When he falls in love with spunky auror Nymphadora Tonks, his happiness is only eclipsed by the fans’ happiness. So, of course, when both Remus and Tonks perish in the battle of Hogwarts, there is not a dry eye to be found.
With the deaths of newly-wedded Tonks and Lupin, their infant son Teddy is orphaned, mirroring Harry’s tragic past. Yet Rowling has since apologized for Lupin’s death. His death certainly had the intended impact but reflecting the tragic orphaning of the main character is perhaps not the most hopeful of endings to the fantasy series.
10. Whomping Willow
When Harry and Ron are stranded on the wrong side of Platform 9 ¾, it seems only logical to the boys to borrow his parent’s modified car and travel to Hogwarts in the flying Ford Anglia.
Soaring over the clouds, the battered car makes the trip majestically but unfortunately loses power in the Hogwart’s grounds and crashes into a tree. The huge tree comes alive, revealing itself as the Whomping Willow, and smashes the car to pieces. Harry and Ron are hurled out onto the ground, luckily suffering only a broken wand.
Young audiences are delighted by the unique, violent, timber antagonist but few take the time to sit back and ask why the school would keep such a terror in its grounds? Sure, it is plot relevant as later books reveal that it hides a secret passage to Hogsmeade. Sure, it is valuable and unique. Yet the tree is a huge danger to anyone who comes into contact with it. Wizarding parents should think twice about allowing their children to go to a school as dangerous as Hogwarts.
9. Portkeys and the Triwizard Cup
Portkeys are nifty objects that are enchanted to transport wizards who touch them to a specific location.
Usually disguised as a mundane object, such as an old boot, they are surprisingly easy for Muggles to mistakenly stumble upon. More seasoned witches and wizards would apparate rather than use such a risky form of transport. Their actual function is a little muddled.
First introduced in the Goblet of Fire, the item is used to transport Harry to the World Quidditch Match. The portkey needs to be caught at an exact time in order to work. Similarly, when Dumbledore uses one in the Order of the Phoenix it has a countdown to the moment of transport.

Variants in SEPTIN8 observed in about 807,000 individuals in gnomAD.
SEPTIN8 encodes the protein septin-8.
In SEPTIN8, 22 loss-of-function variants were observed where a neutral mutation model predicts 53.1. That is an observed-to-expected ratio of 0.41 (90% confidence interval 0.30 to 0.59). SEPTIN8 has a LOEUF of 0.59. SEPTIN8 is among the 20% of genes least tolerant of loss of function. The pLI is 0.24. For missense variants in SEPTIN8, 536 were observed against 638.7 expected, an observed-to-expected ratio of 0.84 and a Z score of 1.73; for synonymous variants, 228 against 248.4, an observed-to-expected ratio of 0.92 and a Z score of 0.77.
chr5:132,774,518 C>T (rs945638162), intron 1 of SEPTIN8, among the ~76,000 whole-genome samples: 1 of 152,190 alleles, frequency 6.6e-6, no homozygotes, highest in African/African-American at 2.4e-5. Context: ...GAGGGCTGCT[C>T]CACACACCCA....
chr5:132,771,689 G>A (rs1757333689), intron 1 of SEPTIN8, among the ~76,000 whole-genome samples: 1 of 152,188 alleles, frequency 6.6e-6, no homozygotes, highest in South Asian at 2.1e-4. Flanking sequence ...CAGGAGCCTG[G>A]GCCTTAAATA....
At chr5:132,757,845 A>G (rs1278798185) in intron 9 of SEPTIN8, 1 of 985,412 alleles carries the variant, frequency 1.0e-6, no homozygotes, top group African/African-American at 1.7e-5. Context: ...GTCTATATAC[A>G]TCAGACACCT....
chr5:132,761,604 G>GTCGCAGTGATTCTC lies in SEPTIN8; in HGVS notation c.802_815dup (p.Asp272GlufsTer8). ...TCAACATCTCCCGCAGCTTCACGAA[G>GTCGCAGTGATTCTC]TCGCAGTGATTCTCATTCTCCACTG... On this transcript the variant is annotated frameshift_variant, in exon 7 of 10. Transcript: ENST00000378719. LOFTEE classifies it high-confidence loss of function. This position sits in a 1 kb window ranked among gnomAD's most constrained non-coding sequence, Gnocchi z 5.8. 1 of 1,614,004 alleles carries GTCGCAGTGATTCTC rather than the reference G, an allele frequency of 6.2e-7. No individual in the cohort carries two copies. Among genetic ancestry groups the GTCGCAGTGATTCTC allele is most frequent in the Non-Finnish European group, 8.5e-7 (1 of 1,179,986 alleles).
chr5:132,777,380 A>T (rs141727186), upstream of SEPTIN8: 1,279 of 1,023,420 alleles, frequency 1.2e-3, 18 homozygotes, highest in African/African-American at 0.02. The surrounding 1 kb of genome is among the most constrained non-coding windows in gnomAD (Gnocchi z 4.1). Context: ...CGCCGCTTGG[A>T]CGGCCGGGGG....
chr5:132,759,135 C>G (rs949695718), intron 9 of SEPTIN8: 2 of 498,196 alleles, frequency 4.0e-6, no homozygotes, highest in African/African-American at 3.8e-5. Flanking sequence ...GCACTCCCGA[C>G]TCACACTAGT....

The portkey in the Goblet of Fire behaves slightly differently. Used to trap Harry (and Cedric), the Triwizard Cup is turned into a portkey by the bad guys. Oddly, it responds to the touch rather than a countdown. Even more unusually, Harry then reuses it to return to Hogwarts. It is possible to imagine a portkey could be set up to respond to the touch rather than a countdown, especially one created by Voldemort, but why would he make it so Harry could use it to escape?
8. Florean Fortescue’s Death
Florean Fortescue is a name that less die-hard Potter fans might not even recognize. Fortescue is a minor character who owned an ice-cream shop in Diagon Alley. He gives Harry free ice cream while he is staying at the Leaky Cauldon and then one day is dragged off by Death Eaters and murdered.
On Pottermore, Rowling admitted that he is “kidnapped and killed for no good reason.”
She explained that, originally, she intended to have an important subplot involving Fortescue, establishing him as an expert on ancient magic. Voldemort was then to kidnap him while seeking information on the Elder Wand. Unfortunately, the plot was cut later on and so the poor ice cream seller ended up being tortured and killed, seemingly for no good reason.
7. Blowing up Aunt Marge
Aunt Marge’s full name is Marjorie Eileen Dursley. A dog-breeder by trade, she is Vernon’s elder sister and aunt to Dudley Dursley.
When visiting the Dursleys at their home in Privet Drive, she dotes on her nephew Dudley and makes Harry feel unwelcome and undervalued. She makes a series of rude remarks about Harry’s deceased parents. The Dursleys, afraid of her finding out the truth, have fostered the impression that Harry’s parents were layabouts who had inadvertently dumped their equally useless son on her hardworking relatives.
In anger at Marge’s prejudice, Harry loses control of his magic and Aunt Marge begins to unstoppably inflate like a balloon. Though undoubtedly an amusing scene, it is still considered one of the hero’s worst moments.
It is technically an illegal underage use of magic and it means an Accidental Magic Reversal Squad has to be dispatched from the Ministry of Magic to capture Marge and modify her memory.
Grawp is the giant half-brother of Rubeus Hagrid. Standing at around sixteen feet high, he is apparently bullied for his small stature and abandoned by his mother, the giantess Fridwulfa, who also deserted her first son, Rubeus, the half-giant.
In Order of the Phoenix, Harry and his friends are shocked to discover that Hagrid is keeping Grawp in the Forbidden Forest, trying to teach the giant to speak English. During this time, Hagrid has been put on probation by Dolores Umbridge and the trio are terrified Hagrid will lose his job.
Despite his comic leanings, Grawp is sadly a largely irrelevant subplot. The audience already hate Umbridge and are afraid Hagrid will be fired, even without his giant half-brother lurching into the scene. Grawp unfortunately only really serves to pad the length of Order of the Phoenix, which is already the book most criticized for upping the word count unnecessarily.